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Microtubule-dependent plus- and minus end-directed motilities are competing processes for nuclear targeting of adenovirus.

Suomalainen M, Nakano MY, Keller S, Boucke K, Stidwill RP, Greber UF - J. Cell Biol. (1999)

Bottom Line: No directed movement was observed in nocodazole-treated cells.Switching between plus- and minus end-directed elementary speeds at frequencies up to 1 Hz was observed in the periphery and near the MT organizing center (MTOC) after recovery from nocodazole treatment.The data imply that a single cytosolic Ad particle engages with two types of MT-dependent motor activities, the minus end- directed cytoplasmic dynein and an unknown plus end- directed activity.

View Article: PubMed Central - PubMed

Affiliation: Institute of Zoology, University of Zürich, CH-8057 Zürich, Switzerland.

ABSTRACT
Adenovirus (Ad) enters target cells by receptor-mediated endocytosis, escapes to the cytosol, and then delivers its DNA genome into the nucleus. Here we analyzed the trafficking of fluorophore-tagged viruses in HeLa and TC7 cells by time-lapse microscopy. Our results show that native or taxol-stabilized microtubules (MTs) support alternating minus- and plus end-directed movements of cytosolic virus with elementary speeds up to 2.6 micrometer/s. No directed movement was observed in nocodazole-treated cells. Switching between plus- and minus end-directed elementary speeds at frequencies up to 1 Hz was observed in the periphery and near the MT organizing center (MTOC) after recovery from nocodazole treatment. MT-dependent motilities allowed virus accumulation near the MTOC at population speeds of 1-10 micrometer/min, depending on the cell type. Overexpression of p50/dynamitin, which is known to affect dynein-dependent minus end-directed vesicular transport, significantly reduced the extent and the frequency of minus end-directed migration of cytosolic virus, and increased the frequency, but not the extent of plus end-directed motility. The data imply that a single cytosolic Ad particle engages with two types of MT-dependent motor activities, the minus end- directed cytoplasmic dynein and an unknown plus end- directed activity.

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Fast minus end– directed transport dominates over plus end–directed  transport of wt Ad2: analysis  in TC7/MAP4/MTB–GFP  cells (A–E) and TC7 parental cells (F). (A and B) Images of TR-Ad2 were recorded with intervals of 1.3 s  starting 30 min p.i. (time  stamp displaying minutes: seconds.centiseconds). One  particular virus particle (arrow) was followed in 104  subsequent frames. Frames  39–46 and 93–99 (with two  additional active particles)  are shown in A and B, respectively. (C) The distance  of the traced particle (A and  B, arrows) to the presumptive MTOC was plotted at  each frame, thus highlighting periods of activity and  relative immobility. (D) ES  of the traced particle were  calculated between subsequent frames and plotted as  micrometers per second indicating minus end–directed  movement as negative and  plus end–directed movement as positive speeds. (E)  Population analysis of motile particles (see Materials  and Methods). 958 ES from  19 different virus particles  and six different cells (see  also Table I) were measured, grouped into 0.1-μm/s  intervals, and then plotted as  either minus- (dark bars)  or plus end–directed (grey  bars) events. ES < 0.1 μm/s  were within the experimental error and plotted as 0 (inset, open bar). Inset, cumulative representation of the  minus- (dark bar) and plus  end–directed ES (grey bar,  100% = 958) and distances  (100% = 532.9 μm). For the  distance calculations, only  ES > 0.1 μm/s were included. (F) Population analysis of ES in parental TC7 cells not expressing MAP4–GFP with inset as in E (100% ES = 729, 100% distance = 495.6 μm). The  corresponding movie is available at http://www.unizh.ch/∼cellbio/jcb1999-1.html Bar, 10 μm.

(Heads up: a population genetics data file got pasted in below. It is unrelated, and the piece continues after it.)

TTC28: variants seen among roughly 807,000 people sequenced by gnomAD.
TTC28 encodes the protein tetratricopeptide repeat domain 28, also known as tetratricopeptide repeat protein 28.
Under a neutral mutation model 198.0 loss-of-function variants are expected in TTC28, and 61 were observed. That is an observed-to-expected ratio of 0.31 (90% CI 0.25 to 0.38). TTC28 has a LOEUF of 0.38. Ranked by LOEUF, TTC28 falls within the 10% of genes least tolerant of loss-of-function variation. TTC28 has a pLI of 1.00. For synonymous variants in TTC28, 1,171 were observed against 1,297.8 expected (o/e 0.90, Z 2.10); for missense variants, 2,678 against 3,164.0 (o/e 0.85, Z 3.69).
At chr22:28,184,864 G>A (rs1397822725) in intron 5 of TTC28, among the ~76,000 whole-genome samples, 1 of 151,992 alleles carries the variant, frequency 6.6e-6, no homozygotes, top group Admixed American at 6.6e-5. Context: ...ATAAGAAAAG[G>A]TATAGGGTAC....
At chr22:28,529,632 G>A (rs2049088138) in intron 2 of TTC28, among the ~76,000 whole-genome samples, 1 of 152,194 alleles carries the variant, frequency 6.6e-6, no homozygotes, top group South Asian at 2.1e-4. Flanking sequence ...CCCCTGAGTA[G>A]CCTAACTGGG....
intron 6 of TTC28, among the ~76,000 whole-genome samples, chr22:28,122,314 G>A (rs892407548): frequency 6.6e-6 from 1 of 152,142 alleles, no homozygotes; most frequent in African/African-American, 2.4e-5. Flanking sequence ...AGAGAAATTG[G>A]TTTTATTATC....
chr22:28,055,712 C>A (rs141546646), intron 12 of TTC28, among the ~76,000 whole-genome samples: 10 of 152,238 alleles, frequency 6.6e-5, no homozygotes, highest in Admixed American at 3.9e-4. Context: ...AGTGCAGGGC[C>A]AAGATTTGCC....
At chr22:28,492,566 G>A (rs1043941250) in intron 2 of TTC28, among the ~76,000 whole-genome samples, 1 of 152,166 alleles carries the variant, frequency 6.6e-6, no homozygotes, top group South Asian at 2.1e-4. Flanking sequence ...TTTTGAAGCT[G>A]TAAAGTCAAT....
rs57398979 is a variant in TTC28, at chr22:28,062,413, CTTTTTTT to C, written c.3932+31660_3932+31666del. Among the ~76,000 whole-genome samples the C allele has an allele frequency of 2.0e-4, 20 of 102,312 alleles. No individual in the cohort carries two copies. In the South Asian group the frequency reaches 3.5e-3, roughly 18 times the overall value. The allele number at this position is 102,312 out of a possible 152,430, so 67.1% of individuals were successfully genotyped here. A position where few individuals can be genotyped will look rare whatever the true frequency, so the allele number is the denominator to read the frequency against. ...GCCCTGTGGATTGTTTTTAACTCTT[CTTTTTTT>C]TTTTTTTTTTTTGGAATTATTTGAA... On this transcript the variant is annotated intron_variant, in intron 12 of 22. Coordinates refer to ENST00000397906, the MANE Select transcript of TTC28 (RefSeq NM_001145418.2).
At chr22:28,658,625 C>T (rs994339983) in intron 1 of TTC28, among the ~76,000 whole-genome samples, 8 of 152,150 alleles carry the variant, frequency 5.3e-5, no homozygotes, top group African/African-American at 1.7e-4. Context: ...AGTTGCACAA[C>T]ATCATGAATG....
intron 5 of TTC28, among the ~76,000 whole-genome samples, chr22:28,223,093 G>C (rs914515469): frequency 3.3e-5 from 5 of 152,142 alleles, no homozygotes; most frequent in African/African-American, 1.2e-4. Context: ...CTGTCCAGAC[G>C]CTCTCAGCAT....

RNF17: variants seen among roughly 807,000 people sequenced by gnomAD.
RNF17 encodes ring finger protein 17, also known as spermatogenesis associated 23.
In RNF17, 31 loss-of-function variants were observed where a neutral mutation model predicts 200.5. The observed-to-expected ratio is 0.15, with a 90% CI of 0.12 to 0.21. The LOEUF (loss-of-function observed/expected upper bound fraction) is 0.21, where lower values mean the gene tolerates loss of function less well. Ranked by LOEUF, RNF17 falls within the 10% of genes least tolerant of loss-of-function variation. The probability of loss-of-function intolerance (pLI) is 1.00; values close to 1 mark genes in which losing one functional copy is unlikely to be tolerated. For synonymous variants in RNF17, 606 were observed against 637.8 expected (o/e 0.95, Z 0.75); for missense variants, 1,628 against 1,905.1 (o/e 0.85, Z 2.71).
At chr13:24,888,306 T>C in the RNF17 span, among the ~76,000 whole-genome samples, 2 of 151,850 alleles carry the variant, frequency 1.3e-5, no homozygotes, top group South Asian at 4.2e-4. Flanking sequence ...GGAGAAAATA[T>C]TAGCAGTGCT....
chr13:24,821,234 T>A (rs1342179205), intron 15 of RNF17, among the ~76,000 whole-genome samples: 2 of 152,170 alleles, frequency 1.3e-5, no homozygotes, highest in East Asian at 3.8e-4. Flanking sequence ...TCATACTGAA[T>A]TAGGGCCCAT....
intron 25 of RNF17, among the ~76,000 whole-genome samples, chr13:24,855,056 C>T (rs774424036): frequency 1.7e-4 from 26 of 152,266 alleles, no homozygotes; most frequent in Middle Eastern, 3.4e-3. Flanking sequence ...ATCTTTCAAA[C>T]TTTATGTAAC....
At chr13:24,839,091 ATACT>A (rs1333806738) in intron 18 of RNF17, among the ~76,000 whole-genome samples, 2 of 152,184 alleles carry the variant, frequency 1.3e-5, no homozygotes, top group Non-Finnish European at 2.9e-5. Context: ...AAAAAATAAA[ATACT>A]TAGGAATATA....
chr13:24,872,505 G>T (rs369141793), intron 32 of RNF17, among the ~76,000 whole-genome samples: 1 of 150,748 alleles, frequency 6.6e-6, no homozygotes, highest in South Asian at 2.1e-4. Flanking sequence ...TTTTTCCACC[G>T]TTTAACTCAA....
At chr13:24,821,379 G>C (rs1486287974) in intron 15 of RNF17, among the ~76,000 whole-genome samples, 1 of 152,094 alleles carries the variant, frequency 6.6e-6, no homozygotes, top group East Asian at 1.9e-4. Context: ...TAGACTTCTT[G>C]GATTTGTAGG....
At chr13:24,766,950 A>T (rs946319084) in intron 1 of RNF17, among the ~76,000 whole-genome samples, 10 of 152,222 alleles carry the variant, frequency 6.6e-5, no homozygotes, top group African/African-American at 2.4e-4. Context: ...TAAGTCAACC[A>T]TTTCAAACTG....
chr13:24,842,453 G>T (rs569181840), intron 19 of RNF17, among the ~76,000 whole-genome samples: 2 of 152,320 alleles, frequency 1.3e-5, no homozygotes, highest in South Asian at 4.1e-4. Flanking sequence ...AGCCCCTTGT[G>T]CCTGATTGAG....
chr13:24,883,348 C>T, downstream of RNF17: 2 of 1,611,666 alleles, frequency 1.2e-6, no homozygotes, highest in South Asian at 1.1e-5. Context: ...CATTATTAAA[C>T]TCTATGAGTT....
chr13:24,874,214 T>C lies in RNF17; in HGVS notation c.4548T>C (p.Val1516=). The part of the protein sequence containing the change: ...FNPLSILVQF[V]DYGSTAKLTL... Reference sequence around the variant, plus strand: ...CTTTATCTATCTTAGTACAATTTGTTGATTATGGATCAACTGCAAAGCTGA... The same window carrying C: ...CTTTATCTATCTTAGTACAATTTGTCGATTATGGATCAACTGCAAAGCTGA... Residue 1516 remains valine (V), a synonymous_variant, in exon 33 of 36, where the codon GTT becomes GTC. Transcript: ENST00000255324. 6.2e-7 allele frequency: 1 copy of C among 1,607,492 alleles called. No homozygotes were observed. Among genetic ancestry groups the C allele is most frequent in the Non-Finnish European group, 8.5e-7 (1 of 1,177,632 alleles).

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Figure 5: Fast minus end– directed transport dominates over plus end–directed transport of wt Ad2: analysis in TC7/MAP4/MTB–GFP cells (A–E) and TC7 parental cells (F). (A and B) Images of TR-Ad2 were recorded with intervals of 1.3 s starting 30 min p.i. (time stamp displaying minutes: seconds.centiseconds). One particular virus particle (arrow) was followed in 104 subsequent frames. Frames 39–46 and 93–99 (with two additional active particles) are shown in A and B, respectively. (C) The distance of the traced particle (A and B, arrows) to the presumptive MTOC was plotted at each frame, thus highlighting periods of activity and relative immobility. (D) ES of the traced particle were calculated between subsequent frames and plotted as micrometers per second indicating minus end–directed movement as negative and plus end–directed movement as positive speeds. (E) Population analysis of motile particles (see Materials and Methods). 958 ES from 19 different virus particles and six different cells (see also Table I) were measured, grouped into 0.1-μm/s intervals, and then plotted as either minus- (dark bars) or plus end–directed (grey bars) events. ES < 0.1 μm/s were within the experimental error and plotted as 0 (inset, open bar). Inset, cumulative representation of the minus- (dark bar) and plus end–directed ES (grey bar, 100% = 958) and distances (100% = 532.9 μm). For the distance calculations, only ES > 0.1 μm/s were included. (F) Population analysis of ES in parental TC7 cells not expressing MAP4–GFP with inset as in E (100% ES = 729, 100% distance = 495.6 μm). The corresponding movie is available at http://www.unizh.ch/∼cellbio/jcb1999-1.html Bar, 10 μm.